I strongly agree. Continue reading

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To Keep Me Engaged, Make It Meaningful

I believe that consumer tracking devices such as the Jawbone Up and Fitbit can have a long-term positive impact by helping people to establish healthy behaviors and habits. However, at the handful of consumer health oriented conferences I’ve been to, there is always a loud voice of skepticism from health care professionals who claim that all of the evidence suggests that they don’t result in lasting change; people use the device for a month and then it goes into a drawer and old habits return. What I have not heard a lot of in response to these skeptics is how the complete application experience of these various devices is being architected for long-term engagement and behavior change.

So with this “use-it-until-the-novelty-wears-off” problem in mind, I’ve been studying some basic behavior economic and behavior/habit design principles presented by a variety of well known researchers and authors in this space such as BJ Fogg, Dan Ariely, Daniel Kahneman, and others. How can wearable devices leverage all of this behavior research to create more long-lasting engagement and behavior change? This post and others I plan to write represent some of my thinking in this area.

Make it Meaningful

Continue reading

Posted in Healthcare, Healthcare lifestyle, Healthcare technology | 2 Comments

Behavior Change Is (maybe not so) Hard.

I learned something recently that I wish I had learned 10 years ago: Self-motivation is not the way to create new daily behaviors that stick. The trick is to construct a new simple habit and just let it happen. Motivation is hard and tiring and not at all reliable but creating a habit and just doing it because it is a habit is actually quite easy. I credit BJ Fogg’s Tiny Habits program (more on that later) for triggering this profound shift in perspective.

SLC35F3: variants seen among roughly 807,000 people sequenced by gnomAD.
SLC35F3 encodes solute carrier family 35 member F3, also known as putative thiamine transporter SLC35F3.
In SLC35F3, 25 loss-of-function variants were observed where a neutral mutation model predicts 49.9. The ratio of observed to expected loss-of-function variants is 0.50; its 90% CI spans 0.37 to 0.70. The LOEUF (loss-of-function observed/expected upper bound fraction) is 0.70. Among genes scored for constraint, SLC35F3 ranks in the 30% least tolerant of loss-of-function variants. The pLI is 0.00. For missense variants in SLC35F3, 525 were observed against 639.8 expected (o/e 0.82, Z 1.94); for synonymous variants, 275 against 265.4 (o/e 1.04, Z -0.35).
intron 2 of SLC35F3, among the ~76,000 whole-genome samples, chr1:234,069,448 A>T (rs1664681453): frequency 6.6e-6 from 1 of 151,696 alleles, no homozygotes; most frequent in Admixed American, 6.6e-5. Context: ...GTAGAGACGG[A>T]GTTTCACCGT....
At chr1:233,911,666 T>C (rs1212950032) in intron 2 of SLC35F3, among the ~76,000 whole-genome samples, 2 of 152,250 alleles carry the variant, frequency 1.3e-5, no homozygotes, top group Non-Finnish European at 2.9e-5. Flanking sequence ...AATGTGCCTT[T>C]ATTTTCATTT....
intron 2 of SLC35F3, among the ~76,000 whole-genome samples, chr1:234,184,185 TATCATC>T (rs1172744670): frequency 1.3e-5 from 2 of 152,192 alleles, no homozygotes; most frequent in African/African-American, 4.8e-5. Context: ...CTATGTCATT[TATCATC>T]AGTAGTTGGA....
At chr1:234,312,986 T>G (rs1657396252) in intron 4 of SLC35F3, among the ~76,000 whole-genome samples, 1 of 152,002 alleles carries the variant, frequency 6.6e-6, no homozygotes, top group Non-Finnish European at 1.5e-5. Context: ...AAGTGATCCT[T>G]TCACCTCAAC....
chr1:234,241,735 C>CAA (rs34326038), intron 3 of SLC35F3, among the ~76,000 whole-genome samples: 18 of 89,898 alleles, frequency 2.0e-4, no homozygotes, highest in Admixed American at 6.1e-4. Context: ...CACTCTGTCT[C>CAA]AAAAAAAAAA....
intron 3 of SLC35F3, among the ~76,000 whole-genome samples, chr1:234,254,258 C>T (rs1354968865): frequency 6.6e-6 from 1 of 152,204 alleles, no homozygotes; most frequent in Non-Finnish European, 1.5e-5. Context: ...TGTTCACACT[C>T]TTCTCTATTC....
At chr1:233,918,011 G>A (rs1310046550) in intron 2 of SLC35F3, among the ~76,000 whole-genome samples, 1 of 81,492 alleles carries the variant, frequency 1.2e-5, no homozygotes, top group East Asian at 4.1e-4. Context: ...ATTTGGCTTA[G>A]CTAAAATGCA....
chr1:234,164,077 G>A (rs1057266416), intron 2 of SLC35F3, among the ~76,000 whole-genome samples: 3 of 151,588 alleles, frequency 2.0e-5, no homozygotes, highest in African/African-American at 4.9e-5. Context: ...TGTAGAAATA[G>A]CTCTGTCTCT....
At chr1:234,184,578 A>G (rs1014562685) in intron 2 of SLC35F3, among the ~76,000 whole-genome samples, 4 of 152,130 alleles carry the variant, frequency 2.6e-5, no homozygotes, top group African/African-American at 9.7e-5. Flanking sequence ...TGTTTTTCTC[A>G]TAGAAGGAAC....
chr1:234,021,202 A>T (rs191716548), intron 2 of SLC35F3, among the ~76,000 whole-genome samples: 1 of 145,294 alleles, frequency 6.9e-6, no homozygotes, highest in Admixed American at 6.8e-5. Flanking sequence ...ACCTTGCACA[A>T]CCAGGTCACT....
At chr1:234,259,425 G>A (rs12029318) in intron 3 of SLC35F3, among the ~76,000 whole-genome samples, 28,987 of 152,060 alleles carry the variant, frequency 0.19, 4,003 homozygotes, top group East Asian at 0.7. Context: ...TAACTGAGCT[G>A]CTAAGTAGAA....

10 Years of Going to the Gym…

I joined a gym 10 years ago – at first of course I was inspired and eager to get there and lift_weightswork out, but before long, trying to motivate myself to go 4 times a week – forever – became hard. I have been going very regularly, about 3 times a week ever since, but just about every time I went, I first had to have this internal conversation to talk myself into it. Sometimes it worked, sometimes it didn’t and when it didn’t, I subsequently felt a sense of having failed at sticking to my goals. But whether I made it to the gym or not, the internal motivational dialogue took a tremendous amount of energy.

For 10 freakin years, I have been having this internal battle to motivate myself to go to the gym, 3 or so times a week. Not any more. Continue reading

Posted in Healthcare, Healthcare lifestyle, Healthcare technology, Lifestyle | 6 Comments

Imagine if your health plan was …

Suspend your understanding of your relationship with your health insurance company as it stands today and imagine something different with me…Imagine

Imagine your health plan is a wellness “club”. In addition to providing insurance to help cover the cost of being sick, you opt in to the plan’s Wellness Club – a community with tools, expertise and social engagement opportunities to enable members to work together in order to live healthy and happy lives. Imagine choosing to join a health plan not because it was the better of 2 bad choices provided by your employer but because your friends and neighbors were members and you saw that they were getting together on weekends and having fun and working together towards the bigger goal of reducing our national defecit and increasing our national productivity. Continue reading

Posted in Healthcare, Healthcare Insurance, Healthcare lifestyle, Healthcare technology, Lifestyle | Tagged | 1 Comment

HxD 2013 Pass Giveaway Extravaganza!

Here are some creative healthcare ideas and thoughts of mine in response to questions posted in preparation for the Healthcare Experience Design Conference (#HxDConf) in Boston on March 25 and a possible chance to win a free pass.